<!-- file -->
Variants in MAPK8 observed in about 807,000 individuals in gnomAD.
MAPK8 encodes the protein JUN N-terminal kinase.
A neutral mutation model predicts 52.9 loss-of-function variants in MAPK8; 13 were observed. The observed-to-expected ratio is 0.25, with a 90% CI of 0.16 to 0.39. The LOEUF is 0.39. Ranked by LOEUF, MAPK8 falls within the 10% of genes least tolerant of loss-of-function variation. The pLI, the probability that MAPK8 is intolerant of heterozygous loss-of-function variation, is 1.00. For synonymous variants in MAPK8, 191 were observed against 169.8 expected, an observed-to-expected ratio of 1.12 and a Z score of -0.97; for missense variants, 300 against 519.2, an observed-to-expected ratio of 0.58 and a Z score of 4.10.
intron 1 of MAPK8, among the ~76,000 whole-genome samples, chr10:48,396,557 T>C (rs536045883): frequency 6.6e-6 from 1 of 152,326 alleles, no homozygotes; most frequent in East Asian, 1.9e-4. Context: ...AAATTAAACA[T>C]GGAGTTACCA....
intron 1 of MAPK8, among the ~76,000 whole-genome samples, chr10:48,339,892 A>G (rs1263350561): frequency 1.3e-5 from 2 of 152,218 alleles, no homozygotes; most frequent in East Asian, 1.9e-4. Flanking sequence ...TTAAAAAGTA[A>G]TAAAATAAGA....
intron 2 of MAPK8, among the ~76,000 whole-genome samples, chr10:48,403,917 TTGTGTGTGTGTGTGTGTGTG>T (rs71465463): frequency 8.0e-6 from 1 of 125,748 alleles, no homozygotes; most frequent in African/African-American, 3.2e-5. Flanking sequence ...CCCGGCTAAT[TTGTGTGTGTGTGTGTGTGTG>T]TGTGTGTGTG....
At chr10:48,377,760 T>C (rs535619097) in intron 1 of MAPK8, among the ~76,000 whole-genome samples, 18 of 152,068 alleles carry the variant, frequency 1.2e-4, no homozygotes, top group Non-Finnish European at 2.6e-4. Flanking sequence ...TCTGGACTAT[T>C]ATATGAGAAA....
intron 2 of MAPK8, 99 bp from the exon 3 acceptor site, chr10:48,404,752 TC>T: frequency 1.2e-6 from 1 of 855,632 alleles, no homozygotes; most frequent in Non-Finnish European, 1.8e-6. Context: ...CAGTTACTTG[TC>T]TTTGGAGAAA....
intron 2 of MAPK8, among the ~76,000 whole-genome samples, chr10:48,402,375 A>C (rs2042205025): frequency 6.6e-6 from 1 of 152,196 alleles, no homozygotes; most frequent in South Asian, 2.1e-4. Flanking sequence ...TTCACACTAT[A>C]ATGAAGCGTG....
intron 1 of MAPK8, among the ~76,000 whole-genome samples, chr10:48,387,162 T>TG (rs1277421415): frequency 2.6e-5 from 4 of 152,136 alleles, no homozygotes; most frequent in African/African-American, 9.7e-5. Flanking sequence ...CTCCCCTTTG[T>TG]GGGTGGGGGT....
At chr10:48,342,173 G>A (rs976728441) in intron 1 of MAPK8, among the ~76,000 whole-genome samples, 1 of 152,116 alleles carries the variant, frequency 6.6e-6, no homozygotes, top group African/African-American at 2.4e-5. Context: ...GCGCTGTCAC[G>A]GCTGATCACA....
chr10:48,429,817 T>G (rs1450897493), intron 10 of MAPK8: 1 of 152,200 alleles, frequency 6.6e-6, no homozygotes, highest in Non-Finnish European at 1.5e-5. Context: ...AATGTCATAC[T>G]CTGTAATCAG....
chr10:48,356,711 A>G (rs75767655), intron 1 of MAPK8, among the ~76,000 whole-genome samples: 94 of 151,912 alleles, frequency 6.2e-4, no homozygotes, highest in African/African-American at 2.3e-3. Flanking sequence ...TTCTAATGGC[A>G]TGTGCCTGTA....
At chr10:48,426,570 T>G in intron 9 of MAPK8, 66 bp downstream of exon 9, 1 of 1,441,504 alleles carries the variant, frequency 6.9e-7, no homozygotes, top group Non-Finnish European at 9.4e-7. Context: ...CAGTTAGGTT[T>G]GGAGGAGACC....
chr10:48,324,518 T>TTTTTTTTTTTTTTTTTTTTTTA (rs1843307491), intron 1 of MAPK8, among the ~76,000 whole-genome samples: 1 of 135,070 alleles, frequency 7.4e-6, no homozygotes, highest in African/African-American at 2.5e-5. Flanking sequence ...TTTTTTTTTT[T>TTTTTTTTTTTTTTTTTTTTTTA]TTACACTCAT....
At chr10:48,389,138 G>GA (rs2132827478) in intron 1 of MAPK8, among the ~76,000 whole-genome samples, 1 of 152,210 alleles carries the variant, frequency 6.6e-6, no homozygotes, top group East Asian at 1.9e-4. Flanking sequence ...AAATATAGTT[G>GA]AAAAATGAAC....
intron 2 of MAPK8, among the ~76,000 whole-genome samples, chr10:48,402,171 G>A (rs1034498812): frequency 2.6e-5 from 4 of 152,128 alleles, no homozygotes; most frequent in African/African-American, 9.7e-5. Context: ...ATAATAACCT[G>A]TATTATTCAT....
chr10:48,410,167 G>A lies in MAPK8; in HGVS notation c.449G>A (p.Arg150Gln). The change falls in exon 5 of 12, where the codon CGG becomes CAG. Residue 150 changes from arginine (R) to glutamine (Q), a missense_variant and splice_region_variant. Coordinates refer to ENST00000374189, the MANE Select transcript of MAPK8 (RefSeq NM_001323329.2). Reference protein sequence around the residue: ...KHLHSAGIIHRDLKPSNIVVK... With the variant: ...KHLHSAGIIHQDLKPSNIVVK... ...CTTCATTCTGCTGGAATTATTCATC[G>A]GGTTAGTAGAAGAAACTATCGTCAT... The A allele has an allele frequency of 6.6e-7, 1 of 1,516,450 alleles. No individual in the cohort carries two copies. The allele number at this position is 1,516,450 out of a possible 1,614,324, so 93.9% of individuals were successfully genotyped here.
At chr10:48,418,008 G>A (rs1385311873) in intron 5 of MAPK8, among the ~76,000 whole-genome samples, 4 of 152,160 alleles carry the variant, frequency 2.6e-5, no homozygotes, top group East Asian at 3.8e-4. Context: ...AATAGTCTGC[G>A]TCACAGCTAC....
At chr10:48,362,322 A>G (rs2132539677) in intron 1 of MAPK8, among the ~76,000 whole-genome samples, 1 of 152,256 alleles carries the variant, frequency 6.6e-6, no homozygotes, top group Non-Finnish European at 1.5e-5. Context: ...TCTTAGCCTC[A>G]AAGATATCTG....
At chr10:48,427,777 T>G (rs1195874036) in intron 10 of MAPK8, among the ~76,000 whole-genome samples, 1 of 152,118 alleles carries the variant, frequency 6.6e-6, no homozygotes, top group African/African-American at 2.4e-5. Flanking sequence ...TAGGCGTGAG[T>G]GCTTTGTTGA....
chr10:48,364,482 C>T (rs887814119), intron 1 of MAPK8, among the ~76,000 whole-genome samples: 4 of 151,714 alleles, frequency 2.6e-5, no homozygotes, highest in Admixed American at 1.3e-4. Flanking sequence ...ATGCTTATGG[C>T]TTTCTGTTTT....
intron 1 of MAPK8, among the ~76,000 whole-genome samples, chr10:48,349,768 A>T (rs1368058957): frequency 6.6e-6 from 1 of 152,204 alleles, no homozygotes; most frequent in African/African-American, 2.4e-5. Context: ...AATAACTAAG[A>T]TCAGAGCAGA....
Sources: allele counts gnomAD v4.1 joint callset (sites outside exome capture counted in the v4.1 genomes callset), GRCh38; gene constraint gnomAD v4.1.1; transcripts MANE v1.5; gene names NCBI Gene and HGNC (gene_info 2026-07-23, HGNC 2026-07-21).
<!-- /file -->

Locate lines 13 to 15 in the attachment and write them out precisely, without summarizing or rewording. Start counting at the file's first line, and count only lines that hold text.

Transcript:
chr10:48,356,711 A>G (rs75767655), intron 1 of MAPK8, among the ~76,000 whole-genome samples: 94 of 151,912 alleles, frequency 6.2e-4, no homozygotes, highest in African/African-American at 2.3e-3. Flanking sequence ...TTCTAATGGC[A>G]TGTGCCTGTA....
At chr10:48,426,570 T>G in intron 9 of MAPK8, 66 bp downstream of exon 9, 1 of 1,441,504 alleles carries the variant, frequency 6.9e-7, no homozygotes, top group Non-Finnish European at 9.4e-7. Context: ...CAGTTAGGTT[T>G]GGAGGAGACC....
chr10:48,324,518 T>TTTTTTTTTTTTTTTTTTTTTTA (rs1843307491), intron 1 of MAPK8, among the ~76,000 whole-genome samples: 1 of 135,070 alleles, frequency 7.4e-6, no homozygotes, highest in African/African-American at 2.5e-5. Flanking sequence ...TTTTTTTTTT[T>TTTTTTTTTTTTTTTTTTTTTTA]TTACACTCAT....